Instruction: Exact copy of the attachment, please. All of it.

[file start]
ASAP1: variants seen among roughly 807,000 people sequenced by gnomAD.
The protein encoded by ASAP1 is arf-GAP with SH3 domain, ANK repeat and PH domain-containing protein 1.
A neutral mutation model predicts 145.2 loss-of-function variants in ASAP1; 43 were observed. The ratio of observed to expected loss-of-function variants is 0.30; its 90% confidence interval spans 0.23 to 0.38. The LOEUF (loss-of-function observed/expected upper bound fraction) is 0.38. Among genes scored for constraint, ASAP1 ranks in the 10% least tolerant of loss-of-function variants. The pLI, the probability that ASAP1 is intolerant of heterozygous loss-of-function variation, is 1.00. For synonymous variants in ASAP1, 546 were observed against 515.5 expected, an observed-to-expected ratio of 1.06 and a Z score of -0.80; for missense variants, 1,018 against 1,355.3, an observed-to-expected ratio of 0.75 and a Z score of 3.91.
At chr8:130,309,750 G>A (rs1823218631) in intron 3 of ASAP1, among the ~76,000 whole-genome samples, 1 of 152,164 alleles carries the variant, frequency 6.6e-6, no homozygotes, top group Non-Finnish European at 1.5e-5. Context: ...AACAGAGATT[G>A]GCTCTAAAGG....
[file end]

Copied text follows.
ASAP1: variants seen among roughly 807,000 people sequenced by gnomAD.
The protein encoded by ASAP1 is arf-GAP with SH3 domain, ANK repeat and PH domain-containing protein 1.
A neutral mutation model predicts 145.2 loss-of-function variants in ASAP1; 43 were observed. The ratio of observed to expected loss-of-function variants is 0.30; its 90% confidence interval spans 0.23 to 0.38. The LOEUF (loss-of-function observed/expected upper bound fraction) is 0.38. Among genes scored for constraint, ASAP1 ranks in the 10% least tolerant of loss-of-function variants. The pLI, the probability that ASAP1 is intolerant of heterozygous loss-of-function variation, is 1.00. For synonymous variants in ASAP1, 546 were observed against 515.5 expected, an observed-to-expected ratio of 1.06 and a Z score of -0.80; for missense variants, 1,018 against 1,355.3, an observed-to-expected ratio of 0.75 and a Z score of 3.91.
At chr8:130,309,750 G>A (rs1823218631) in intron 3 of ASAP1, among the ~76,000 whole-genome samples, 1 of 152,164 alleles carries the variant, frequency 6.6e-6, no homozygotes, top group Non-Finnish European at 1.5e-5. Context: ...AACAGAGATT[G>A]GCTCTAAAGG....